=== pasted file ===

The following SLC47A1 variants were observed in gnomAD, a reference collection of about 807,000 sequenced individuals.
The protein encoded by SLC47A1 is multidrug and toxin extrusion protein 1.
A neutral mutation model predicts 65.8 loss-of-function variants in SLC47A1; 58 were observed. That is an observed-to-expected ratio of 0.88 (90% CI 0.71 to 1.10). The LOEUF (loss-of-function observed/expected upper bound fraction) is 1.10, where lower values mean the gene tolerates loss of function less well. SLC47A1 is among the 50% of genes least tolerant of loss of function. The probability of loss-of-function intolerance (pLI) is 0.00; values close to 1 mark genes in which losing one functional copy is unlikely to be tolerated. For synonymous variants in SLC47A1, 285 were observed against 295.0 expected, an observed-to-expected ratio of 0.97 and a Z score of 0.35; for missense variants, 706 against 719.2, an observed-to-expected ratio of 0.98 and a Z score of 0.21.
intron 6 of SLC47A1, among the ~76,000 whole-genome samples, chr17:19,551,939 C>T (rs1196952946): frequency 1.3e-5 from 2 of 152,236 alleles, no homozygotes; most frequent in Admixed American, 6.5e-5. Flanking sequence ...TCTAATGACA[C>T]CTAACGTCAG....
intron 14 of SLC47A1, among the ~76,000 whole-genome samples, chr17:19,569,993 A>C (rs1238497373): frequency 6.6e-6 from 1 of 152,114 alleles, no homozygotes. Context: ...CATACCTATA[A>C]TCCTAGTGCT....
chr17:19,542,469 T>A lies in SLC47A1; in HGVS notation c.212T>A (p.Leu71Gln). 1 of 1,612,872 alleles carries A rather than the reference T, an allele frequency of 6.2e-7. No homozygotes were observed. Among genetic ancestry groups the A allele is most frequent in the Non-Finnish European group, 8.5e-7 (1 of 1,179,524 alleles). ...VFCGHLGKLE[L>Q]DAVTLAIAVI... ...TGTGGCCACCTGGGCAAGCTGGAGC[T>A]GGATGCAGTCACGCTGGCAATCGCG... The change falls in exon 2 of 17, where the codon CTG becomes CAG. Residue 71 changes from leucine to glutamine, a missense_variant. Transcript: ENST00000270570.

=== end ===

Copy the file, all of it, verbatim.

The following SLC47A1 variants were observed in gnomAD, a reference collection of about 807,000 sequenced individuals.
The protein encoded by SLC47A1 is multidrug and toxin extrusion protein 1.
A neutral mutation model predicts 65.8 loss-of-function variants in SLC47A1; 58 were observed. That is an observed-to-expected ratio of 0.88 (90% CI 0.71 to 1.10). The LOEUF (loss-of-function observed/expected upper bound fraction) is 1.10, where lower values mean the gene tolerates loss of function less well. SLC47A1 is among the 50% of genes least tolerant of loss of function. The probability of loss-of-function intolerance (pLI) is 0.00; values close to 1 mark genes in which losing one functional copy is unlikely to be tolerated. For synonymous variants in SLC47A1, 285 were observed against 295.0 expected, an observed-to-expected ratio of 0.97 and a Z score of 0.35; for missense variants, 706 against 719.2, an observed-to-expected ratio of 0.98 and a Z score of 0.21.
intron 6 of SLC47A1, among the ~76,000 whole-genome samples, chr17:19,551,939 C>T (rs1196952946): frequency 1.3e-5 from 2 of 152,236 alleles, no homozygotes; most frequent in Admixed American, 6.5e-5. Flanking sequence ...TCTAATGACA[C>T]CTAACGTCAG....
intron 14 of SLC47A1, among the ~76,000 whole-genome samples, chr17:19,569,993 A>C (rs1238497373): frequency 6.6e-6 from 1 of 152,114 alleles, no homozygotes. Context: ...CATACCTATA[A>C]TCCTAGTGCT....
chr17:19,542,469 T>A lies in SLC47A1; in HGVS notation c.212T>A (p.Leu71Gln). 1 of 1,612,872 alleles carries A rather than the reference T, an allele frequency of 6.2e-7. No homozygotes were observed. Among genetic ancestry groups the A allele is most frequent in the Non-Finnish European group, 8.5e-7 (1 of 1,179,524 alleles). ...VFCGHLGKLE[L>Q]DAVTLAIAVI... ...TGTGGCCACCTGGGCAAGCTGGAGC[T>A]GGATGCAGTCACGCTGGCAATCGCG... The change falls in exon 2 of 17, where the codon CTG becomes CAG. Residue 71 changes from leucine to glutamine, a missense_variant. Transcript: ENST00000270570.